Adventurous Theology #7:
Good News for Everyone
Peter is at center stage in these three chapters and then exits for the remainder of Acts. This section, true to form of Acts, begins with signs and wonders (Acts 9:32-43), reminiscent of the healings of Jesus, in particular the healing of the man at the pool (John 5:1-9) and the awakening of Jairus’ daughter (Mark 5:35-43). The healing ministry of Jesus is alive and well in the early church; the “greater things” Jesus promised (John 14:12) are embodied in the lives of Jesus’ followers. Jesus’ non-competitive gospel inspires abundant life for everyone in everyplace, not just insiders but the whole earth. Jesus wants us to surpass him by continuing and transforming his ministry of healing, wholeness, justice-seeking, and hospitality.
Once again mysticism leads to mission. In the synchronicity of divine providence – the divine call and creative human response – God speaks to and through Cornelius, a Gentile, and Peter, a leader of the emerging church. Like the prior encounter of Paul and Ananias, revelation involves God’s movements in many persons; God is speaking through us to respond to others. We may by our faithfulness be an answer to someone else’s deepest need or prayer. Relationships are not merely a matter of convenience, but also, at some primordial level, vocation. We are called to share good news to one another in the interdependence of interpersonal relationships. Our salvation or wholeness is profoundly relational: we need others to find our way and our destinies are interwoven in unique ways with certain people.
Peter’s vision is highly unsettling to him and to us. God is asking Peter to disobey the rules of his faith, presumably enacted by God in ancient times. These rules shaped the Jewish tradition and Peter’s own understanding of God. While not denying their value and role in nation-shaping and personal spiritual formation, God asks Peter - as Jesus asked him on the seashore - to launch out into deeper spiritual waters. In Acts, Peter comes back with another great catch – this time surf and turf, shrimp, lobster, crab, and pork. “Rejoice and enjoy the unclean foods,” the vision commands. Naturally, Peter resists, but eventually relents as God continues to call him to a new understanding of his faith. “Call nothing unclean. All foods and, more importantly, all peoples are welcome at my table.” Ethnicity makes no difference in revelation and mission. No one is excluded: God embraces Glenn Beck and Sarah Palin, and also Barack Obama and Hillary Clinton.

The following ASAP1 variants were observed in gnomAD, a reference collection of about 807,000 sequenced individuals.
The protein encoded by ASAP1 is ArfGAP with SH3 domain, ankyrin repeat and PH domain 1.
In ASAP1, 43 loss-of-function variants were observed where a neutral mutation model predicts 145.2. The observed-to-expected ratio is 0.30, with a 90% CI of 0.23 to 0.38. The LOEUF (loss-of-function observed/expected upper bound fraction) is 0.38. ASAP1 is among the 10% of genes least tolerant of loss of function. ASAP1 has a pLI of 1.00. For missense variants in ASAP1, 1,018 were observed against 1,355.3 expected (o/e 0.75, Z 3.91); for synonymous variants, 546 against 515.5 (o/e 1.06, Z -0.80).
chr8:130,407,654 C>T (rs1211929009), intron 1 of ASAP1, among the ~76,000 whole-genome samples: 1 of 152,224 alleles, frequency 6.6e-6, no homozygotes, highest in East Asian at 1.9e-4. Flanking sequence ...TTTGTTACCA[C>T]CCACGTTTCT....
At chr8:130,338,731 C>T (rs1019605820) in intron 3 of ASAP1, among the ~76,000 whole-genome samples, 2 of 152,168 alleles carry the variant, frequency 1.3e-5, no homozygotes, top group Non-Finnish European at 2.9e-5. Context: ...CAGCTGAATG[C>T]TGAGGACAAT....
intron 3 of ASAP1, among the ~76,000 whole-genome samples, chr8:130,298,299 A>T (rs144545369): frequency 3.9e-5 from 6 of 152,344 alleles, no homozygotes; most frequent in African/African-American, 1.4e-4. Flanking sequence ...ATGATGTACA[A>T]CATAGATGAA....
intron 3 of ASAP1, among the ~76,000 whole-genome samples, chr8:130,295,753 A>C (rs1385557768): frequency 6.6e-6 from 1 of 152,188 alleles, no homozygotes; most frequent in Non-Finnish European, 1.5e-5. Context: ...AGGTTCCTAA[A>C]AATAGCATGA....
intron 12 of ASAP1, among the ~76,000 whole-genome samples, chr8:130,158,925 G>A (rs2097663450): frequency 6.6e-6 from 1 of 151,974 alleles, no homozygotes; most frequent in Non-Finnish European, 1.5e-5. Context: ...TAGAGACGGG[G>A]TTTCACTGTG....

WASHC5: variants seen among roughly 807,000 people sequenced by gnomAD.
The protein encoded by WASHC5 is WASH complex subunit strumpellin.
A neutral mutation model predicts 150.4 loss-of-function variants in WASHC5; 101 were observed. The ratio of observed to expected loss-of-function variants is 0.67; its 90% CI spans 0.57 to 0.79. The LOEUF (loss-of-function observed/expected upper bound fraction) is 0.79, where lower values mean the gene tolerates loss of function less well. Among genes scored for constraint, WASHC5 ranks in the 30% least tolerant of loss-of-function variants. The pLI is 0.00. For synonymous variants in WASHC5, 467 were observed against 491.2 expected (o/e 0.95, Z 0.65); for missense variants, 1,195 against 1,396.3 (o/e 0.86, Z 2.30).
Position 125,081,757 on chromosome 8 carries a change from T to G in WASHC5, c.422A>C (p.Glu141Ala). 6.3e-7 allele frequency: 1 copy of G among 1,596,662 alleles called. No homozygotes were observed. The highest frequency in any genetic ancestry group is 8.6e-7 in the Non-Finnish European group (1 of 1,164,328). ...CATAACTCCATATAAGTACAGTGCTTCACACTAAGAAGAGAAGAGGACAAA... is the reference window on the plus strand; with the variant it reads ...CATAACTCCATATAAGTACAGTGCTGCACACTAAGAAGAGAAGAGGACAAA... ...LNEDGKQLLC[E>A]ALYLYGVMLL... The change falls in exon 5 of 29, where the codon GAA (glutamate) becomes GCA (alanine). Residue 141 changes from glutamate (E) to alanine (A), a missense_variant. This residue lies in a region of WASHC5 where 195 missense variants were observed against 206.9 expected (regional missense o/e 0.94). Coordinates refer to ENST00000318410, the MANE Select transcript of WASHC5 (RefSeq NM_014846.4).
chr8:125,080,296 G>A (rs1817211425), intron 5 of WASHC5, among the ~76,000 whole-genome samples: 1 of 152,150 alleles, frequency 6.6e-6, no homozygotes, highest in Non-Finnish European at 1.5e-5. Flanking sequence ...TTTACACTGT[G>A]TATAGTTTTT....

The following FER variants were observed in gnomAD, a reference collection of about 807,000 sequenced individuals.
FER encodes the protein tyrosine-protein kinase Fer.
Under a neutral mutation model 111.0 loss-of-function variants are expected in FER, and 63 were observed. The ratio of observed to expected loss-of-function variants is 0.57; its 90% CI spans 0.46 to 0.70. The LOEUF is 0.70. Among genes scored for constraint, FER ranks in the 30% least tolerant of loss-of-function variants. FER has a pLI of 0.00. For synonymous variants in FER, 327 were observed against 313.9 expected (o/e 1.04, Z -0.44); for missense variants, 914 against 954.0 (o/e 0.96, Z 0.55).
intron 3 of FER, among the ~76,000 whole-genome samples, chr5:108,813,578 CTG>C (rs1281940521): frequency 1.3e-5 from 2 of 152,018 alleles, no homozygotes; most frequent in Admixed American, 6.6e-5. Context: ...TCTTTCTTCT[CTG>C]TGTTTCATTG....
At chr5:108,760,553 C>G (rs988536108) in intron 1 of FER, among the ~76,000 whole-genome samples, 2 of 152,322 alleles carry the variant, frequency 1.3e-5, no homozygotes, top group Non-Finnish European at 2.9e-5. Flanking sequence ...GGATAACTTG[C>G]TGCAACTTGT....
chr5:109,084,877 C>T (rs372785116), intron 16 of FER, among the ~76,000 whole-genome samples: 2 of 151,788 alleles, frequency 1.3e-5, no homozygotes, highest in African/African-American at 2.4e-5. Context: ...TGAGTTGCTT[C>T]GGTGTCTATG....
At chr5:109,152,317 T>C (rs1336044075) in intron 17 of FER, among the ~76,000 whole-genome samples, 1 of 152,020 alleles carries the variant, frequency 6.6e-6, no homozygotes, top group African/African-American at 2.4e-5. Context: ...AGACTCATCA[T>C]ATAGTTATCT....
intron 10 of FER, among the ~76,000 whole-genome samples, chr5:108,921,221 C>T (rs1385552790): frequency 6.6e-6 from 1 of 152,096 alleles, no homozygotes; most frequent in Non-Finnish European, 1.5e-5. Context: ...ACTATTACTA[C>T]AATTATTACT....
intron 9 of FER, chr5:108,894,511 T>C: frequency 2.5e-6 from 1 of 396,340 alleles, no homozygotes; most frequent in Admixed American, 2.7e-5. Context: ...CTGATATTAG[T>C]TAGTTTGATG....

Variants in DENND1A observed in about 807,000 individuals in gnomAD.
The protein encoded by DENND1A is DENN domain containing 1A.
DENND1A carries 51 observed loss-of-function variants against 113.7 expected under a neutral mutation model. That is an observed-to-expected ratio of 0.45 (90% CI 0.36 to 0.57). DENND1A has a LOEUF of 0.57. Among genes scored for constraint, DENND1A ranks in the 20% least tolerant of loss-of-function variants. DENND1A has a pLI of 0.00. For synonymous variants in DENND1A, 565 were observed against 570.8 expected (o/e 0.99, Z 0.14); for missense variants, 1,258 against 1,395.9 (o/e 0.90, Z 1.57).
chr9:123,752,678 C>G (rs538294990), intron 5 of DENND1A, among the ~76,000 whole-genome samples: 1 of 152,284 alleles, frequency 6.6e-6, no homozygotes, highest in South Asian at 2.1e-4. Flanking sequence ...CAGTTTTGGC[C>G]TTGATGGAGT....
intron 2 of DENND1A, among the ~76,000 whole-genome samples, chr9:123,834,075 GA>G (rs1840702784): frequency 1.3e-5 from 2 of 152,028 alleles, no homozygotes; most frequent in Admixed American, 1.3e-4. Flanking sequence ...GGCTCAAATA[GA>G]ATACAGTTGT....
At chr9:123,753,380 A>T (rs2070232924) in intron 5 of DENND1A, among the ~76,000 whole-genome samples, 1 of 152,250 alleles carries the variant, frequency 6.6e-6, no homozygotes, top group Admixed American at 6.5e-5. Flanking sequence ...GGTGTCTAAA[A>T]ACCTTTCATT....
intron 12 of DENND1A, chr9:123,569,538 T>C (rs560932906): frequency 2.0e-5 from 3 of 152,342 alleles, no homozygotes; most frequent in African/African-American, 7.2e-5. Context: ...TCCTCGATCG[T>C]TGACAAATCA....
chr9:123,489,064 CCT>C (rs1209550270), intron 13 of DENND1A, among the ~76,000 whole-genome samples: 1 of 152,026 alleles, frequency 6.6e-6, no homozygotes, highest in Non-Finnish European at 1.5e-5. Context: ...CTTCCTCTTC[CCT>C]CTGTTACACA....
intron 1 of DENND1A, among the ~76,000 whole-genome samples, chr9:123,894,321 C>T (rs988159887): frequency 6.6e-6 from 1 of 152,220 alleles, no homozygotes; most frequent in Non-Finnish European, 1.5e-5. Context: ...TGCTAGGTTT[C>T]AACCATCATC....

So Peter goes with Cornelius’ servants, finds welcome in Cornelius’ home and, no doubt, to his surprise, experiences the Holy Spirit falling upon these faithful Gentiles, inspiring them to speak in the language of holiness. All people are holy, all creation is welcome, and all can share God’s revealing wisdom. There is nothing to hinder universal revelation, baptism, or salvation.
We are here as Christians in North America because of the boldness of Peter and Cornelius. Their willingness to go beyond their spiritual comfort zones, to be themselves, makes it possible for us to be ourselves as persons of faith. There is no “don’t ask, don’t tell” among Christians; we are welcomed at God’s banquet in our amazing diversity, uniqueness, and beauty.
What’s to hinder the Spirit from calling us today – what new horizons of spirituality beckon us forward as God’s partners in healing the earth?
Bruce Epperly is Professor of Practical Theology and Director of Continuing Education at Lancaster Theological Seminary. He is the author of 17 books, including Holy Adventure: 41 Days of Audacious Living and Tending to the Holy: The Practice of the Presence of God in Ministry.